Skip to content

President's Message: Worry Less About Systemic Risk, More About Inflation


James Bullard
Wednesday, October 1, 2008

Over the past 16 months or so, there has been great concern in the U.S. over systemic risk—the possibility that the sudden failure of a financial firm may start a cascading effect among healthy financial firms, causing these firms to fail as well. The potential for lasting damage to the financial intermediation sector of the economy could be severe under such a scenario.

The worries over systemic risk have been used to justify much of the policy action of the Federal Reserve over the past 16 months. But systemic risk is a notoriously slippery concept and, so, may not provide the best foundation for sound monetary policy.

In principle, any large corporation that fails will affect its partners in business, including suppliers and customers. If a major automotive manufacturer were to fail, for instance, scores of businesses that supply the manufacturer would be impacted and might also close up shop. But generally, nonfinancial firms are not thought to pose a systemic risk. We can allow bankruptcy court to handle failures of nonfinancial firms.

Financial firms are thought to be more vulnerable because they have significant exposure to one another through interbank deposit markets, transactions in over-the-counter derivatives, and wholesale payment and settlement systems—connections that other businesses do not have. The speed with which transactions occur makes it difficult to accurately evaluate the riskiness of the assets. Financial institutions are vulnerable, too, because of their comparatively thin capital margins, which leave them less able than other types of businesses to absorb losses.

Systemic risk would not always be a concern even for financial firms. In the recent history of financial markets, there have been major failures that did not seem to have a systemic effect on the market. Among these are Drexel Burnham Lambert in 1990, Barings Bank in 1995, Long Term Capital Management in 1998, Enron in 2001 and Amaranth Advisors in 2006. Some of these failures involved a measure of government intervention; others did not. But none of these seemed to trigger a paralyzing domino effect.

More recently, the Federal Reserve facilitated the acquisition of Bear Stearns by JP Morgan Chase. The failure of a key investment bank was surprising, as these kinds of institutions are perceived to be both profitable and stable. The rationale for the intervention was that other financial institutions doing business with Bear Stearns might be caught by surprise, creating the possibility that they also would be put out of business. This might cause severe damage to the U.S. financial system.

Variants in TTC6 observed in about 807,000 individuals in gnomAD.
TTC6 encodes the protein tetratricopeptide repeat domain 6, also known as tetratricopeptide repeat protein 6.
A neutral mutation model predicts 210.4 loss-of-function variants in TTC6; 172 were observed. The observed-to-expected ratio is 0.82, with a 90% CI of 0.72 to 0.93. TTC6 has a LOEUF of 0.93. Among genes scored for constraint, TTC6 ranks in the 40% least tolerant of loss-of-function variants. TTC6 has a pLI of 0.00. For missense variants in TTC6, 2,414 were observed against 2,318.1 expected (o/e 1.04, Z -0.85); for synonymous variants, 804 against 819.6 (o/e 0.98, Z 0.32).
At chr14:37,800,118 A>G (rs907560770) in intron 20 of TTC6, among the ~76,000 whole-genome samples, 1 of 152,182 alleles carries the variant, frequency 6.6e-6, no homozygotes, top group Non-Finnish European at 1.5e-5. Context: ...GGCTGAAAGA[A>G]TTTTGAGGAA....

An important part of this story is the unexpected, or surprise, component. But is it reasonable to assume that financial firms may still be surprised if a partner company goes out of business once the crisis has been rolling on for more than a year? Probably not. Instead, players are pricing the chance of failure into their business dealings with questionable firms, demanding higher interest rates on repayments, for example. If a shaky firm fails, its healthy business partners may lose money, but they have thought about and protected themselves against outright failure.

The premise of systemic risk is the unexpected failure. To the extent that the possibility of failure is anticipated, then it is priced into the market. That is, agents and institutions have adjusted the price of transactions to reflect the probability that a given institution may go out of business.

Systemic risk worries are having a large impact on monetary policy. Inflation problems are brewing as we wait for financial markets to repair. Evidence of systemic risk in recent U.S. financial history is weak, however. At this point, it does not seem likely that the failure of a major financial firm would be a significant, unpriced event. The financial crisis has gone on for too long—the surprise factor is gone. Some institutions may fail as part of a normal industry shakeout in reaction to the large shock originating in the housing sector. Those with better management will make changes and survive. But a failure by itself cannot be surprising at this point.

James Bullard 

James Bullard is president and CEO of the Federal Reserve Bank of St. Louis. In this capacity, he oversees the activities of the Eighth Federal Reserve District and is a participant on the Federal Reserve’s Federal Open Market Committee, or FOMC, which sets the direction of U.S. monetary policy. See more from President Bullard.